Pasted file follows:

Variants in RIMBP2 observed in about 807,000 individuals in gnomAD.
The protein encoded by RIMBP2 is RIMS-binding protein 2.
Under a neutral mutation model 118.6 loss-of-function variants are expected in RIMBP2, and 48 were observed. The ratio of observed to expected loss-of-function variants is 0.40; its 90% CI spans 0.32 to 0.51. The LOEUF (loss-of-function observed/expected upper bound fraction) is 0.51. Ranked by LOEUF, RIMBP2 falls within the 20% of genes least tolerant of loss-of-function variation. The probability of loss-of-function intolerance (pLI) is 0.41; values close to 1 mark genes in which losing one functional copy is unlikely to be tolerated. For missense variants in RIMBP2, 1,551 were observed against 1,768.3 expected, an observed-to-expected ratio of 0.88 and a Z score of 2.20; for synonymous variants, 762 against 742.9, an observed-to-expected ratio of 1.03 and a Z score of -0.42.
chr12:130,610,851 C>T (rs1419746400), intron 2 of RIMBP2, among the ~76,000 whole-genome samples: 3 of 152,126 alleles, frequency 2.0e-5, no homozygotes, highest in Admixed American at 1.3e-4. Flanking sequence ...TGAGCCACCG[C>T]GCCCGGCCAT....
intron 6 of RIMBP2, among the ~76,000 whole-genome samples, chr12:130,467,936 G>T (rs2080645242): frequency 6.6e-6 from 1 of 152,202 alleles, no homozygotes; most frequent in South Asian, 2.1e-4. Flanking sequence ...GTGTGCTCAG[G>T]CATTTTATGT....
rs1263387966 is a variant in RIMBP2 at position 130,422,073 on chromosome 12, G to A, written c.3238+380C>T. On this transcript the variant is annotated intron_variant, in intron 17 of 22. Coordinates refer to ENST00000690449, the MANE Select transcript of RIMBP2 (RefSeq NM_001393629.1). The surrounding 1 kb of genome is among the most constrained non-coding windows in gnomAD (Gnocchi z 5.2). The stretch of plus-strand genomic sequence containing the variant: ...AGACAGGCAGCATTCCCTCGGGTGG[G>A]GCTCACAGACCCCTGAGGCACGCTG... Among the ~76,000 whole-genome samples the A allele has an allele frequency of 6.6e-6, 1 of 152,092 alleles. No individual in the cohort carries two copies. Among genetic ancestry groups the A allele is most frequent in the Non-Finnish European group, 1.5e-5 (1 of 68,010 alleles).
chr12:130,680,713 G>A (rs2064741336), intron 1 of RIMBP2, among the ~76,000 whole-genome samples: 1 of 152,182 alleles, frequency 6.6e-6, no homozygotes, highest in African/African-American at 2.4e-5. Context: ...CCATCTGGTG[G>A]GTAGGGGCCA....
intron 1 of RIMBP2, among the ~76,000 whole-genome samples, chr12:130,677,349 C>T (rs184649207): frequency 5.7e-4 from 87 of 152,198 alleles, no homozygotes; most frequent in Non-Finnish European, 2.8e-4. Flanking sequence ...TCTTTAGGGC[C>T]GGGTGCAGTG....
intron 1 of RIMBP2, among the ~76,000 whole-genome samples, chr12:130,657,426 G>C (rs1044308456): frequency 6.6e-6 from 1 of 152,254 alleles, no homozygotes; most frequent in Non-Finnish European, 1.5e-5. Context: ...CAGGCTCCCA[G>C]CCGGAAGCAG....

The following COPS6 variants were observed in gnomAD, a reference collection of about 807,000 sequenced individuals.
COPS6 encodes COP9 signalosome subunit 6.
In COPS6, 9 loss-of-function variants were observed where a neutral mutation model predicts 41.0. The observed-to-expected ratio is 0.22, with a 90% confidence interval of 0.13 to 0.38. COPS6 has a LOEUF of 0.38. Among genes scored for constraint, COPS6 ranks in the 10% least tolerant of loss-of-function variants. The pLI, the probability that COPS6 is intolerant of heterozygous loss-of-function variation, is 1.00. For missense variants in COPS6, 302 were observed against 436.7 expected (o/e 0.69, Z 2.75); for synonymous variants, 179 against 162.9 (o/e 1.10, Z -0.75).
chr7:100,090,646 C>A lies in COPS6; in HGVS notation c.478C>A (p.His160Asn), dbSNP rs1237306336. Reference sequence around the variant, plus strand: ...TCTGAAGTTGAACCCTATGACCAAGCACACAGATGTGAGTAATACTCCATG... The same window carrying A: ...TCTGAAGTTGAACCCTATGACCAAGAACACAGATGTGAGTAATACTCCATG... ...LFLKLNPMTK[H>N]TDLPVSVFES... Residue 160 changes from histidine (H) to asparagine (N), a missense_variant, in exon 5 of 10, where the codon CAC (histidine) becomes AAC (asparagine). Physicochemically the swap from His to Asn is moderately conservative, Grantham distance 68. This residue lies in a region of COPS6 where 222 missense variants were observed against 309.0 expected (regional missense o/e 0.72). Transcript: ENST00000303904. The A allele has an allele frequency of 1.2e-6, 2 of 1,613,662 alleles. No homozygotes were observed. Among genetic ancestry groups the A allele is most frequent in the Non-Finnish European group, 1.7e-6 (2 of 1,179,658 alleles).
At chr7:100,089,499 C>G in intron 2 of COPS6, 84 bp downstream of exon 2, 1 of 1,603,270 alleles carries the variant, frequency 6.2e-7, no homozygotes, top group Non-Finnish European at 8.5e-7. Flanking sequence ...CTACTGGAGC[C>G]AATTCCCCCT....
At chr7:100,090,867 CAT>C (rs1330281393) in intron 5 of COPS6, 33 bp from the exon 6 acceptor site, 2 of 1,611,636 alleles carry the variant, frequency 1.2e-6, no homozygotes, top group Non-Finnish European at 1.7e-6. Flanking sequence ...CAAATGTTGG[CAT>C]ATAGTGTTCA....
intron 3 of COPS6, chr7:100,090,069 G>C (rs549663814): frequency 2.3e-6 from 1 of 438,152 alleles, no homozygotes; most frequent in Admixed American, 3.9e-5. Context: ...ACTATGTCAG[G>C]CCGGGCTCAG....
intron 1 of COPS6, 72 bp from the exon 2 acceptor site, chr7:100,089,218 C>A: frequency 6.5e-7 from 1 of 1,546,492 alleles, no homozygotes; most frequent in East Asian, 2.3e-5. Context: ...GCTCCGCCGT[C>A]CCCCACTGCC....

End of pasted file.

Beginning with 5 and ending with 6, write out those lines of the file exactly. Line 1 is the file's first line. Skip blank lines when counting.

intron 6 of RIMBP2, among the ~76,000 whole-genome samples, chr12:130,467,936 G>T (rs2080645242): frequency 6.6e-6 from 1 of 152,202 alleles, no homozygotes; most frequent in South Asian, 2.1e-4. Flanking sequence ...GTGTGCTCAG[G>T]CATTTTATGT....
rs1263387966 is a variant in RIMBP2 at position 130,422,073 on chromosome 12, G to A, written c.3238+380C>T. On this transcript the variant is annotated intron_variant, in intron 17 of 22. Coordinates refer to ENST00000690449, the MANE Select transcript of RIMBP2 (RefSeq NM_001393629.1). The surrounding 1 kb of genome is among the most constrained non-coding windows in gnomAD (Gnocchi z 5.2). The stretch of plus-strand genomic sequence containing the variant: ...AGACAGGCAGCATTCCCTCGGGTGG[G>A]GCTCACAGACCCCTGAGGCACGCTG... Among the ~76,000 whole-genome samples the A allele has an allele frequency of 6.6e-6, 1 of 152,092 alleles. No individual in the cohort carries two copies. Among genetic ancestry groups the A allele is most frequent in the Non-Finnish European group, 1.5e-5 (1 of 68,010 alleles).